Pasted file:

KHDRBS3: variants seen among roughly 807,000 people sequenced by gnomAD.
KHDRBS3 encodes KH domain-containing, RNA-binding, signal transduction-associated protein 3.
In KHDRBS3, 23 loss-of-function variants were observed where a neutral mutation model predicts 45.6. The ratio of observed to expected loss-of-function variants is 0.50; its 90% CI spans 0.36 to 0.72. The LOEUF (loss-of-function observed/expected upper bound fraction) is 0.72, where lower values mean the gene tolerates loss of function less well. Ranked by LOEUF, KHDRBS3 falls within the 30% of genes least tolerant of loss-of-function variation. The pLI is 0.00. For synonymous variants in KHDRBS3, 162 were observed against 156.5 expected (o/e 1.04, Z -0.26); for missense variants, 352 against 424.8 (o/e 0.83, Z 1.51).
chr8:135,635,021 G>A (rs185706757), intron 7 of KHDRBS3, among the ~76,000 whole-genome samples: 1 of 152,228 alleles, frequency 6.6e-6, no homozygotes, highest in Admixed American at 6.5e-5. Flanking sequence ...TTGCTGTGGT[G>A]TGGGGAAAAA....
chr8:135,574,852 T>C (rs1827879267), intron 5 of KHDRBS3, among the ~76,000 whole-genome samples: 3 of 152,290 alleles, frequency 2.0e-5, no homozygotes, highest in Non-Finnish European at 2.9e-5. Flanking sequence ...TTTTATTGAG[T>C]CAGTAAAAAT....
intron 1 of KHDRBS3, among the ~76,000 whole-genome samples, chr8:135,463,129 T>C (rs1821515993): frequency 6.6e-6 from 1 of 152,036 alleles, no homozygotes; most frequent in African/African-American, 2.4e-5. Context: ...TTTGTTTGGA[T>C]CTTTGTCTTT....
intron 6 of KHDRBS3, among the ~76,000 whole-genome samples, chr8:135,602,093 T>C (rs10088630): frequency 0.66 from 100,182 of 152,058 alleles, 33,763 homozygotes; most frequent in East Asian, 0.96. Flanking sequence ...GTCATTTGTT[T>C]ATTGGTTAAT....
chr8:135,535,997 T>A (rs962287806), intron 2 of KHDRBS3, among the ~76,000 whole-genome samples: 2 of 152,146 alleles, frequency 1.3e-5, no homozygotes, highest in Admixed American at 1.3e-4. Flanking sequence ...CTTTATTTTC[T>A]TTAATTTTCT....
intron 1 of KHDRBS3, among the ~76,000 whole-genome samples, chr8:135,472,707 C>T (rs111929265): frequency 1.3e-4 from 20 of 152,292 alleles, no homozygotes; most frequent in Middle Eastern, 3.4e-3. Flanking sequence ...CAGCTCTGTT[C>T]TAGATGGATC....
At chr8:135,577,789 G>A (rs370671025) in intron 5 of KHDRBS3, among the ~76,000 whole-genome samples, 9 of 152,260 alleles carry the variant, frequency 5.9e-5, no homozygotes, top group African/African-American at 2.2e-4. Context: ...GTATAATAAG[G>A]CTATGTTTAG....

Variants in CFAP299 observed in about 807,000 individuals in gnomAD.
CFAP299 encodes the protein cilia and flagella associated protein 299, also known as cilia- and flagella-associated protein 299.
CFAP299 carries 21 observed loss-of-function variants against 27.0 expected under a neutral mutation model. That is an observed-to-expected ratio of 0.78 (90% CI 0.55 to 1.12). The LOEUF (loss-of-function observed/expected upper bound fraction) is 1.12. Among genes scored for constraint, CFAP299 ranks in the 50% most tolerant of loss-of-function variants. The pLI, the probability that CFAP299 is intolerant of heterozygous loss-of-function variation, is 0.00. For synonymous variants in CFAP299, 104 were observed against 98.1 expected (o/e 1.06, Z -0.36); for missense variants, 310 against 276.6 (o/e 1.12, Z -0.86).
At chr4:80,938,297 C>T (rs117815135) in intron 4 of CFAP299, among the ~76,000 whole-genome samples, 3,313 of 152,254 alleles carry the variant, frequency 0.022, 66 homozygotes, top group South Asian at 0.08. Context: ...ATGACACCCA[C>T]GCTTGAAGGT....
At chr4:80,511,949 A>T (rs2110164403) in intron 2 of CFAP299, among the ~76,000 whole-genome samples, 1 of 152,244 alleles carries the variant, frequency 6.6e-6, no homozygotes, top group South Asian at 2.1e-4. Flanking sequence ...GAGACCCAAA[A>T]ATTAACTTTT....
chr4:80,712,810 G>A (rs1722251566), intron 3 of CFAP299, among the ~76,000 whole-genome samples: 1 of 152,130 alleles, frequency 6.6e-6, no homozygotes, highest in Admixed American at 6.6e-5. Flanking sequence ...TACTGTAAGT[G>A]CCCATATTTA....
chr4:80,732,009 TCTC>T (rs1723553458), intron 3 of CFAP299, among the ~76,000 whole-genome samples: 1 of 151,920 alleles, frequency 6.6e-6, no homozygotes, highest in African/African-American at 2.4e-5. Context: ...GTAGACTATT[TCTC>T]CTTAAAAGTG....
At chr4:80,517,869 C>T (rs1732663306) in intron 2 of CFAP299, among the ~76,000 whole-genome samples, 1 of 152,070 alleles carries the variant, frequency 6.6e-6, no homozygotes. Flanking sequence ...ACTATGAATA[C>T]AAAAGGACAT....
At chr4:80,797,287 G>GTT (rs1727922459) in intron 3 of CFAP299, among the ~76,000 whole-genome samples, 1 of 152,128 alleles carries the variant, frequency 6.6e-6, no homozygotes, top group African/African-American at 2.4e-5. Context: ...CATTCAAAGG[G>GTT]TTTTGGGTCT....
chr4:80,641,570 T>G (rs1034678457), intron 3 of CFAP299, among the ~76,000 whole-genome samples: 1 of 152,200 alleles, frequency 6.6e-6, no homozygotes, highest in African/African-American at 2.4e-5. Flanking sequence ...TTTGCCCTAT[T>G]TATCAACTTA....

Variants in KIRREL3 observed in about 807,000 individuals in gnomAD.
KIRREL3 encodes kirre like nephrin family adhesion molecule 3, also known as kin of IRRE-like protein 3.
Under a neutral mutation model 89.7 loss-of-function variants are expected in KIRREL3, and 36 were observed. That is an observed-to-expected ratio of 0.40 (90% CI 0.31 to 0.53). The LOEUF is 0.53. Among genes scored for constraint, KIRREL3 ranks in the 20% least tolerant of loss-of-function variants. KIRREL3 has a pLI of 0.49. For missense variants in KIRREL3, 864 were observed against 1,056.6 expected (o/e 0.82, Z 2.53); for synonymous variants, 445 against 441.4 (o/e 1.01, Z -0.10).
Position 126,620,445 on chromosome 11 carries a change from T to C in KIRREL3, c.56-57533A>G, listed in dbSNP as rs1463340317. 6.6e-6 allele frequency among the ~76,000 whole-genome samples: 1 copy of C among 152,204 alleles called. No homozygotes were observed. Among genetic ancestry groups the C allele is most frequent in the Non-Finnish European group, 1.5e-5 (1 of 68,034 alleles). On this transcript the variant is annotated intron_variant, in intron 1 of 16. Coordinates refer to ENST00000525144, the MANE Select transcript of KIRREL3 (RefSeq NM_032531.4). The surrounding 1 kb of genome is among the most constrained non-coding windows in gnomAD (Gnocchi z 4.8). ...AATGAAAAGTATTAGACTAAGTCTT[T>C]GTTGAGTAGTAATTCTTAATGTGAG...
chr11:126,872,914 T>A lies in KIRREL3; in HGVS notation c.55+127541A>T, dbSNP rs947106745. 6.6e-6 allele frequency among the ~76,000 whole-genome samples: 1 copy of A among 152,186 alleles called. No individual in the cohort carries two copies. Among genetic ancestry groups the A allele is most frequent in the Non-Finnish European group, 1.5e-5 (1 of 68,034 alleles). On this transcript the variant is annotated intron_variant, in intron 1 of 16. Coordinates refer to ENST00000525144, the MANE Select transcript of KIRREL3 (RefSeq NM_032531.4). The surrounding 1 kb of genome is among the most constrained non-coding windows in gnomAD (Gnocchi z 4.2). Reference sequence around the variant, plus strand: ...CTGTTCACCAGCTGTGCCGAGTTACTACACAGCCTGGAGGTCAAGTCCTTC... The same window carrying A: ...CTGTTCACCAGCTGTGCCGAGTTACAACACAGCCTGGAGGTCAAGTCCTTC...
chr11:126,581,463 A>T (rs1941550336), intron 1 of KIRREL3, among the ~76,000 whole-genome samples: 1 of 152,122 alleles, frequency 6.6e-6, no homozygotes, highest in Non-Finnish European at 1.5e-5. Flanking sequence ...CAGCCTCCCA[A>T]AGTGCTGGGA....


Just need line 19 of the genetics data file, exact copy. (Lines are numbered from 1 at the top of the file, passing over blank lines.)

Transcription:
At chr4:80,797,287 G>GTT (rs1727922459) in intron 3 of CFAP299, among the ~76,000 whole-genome samples, 1 of 152,128 alleles carries the variant, frequency 6.6e-6, no homozygotes, top group African/African-American at 2.4e-5. Context: ...CATTCAAAGG[G>GTT]TTTTGGGTCT....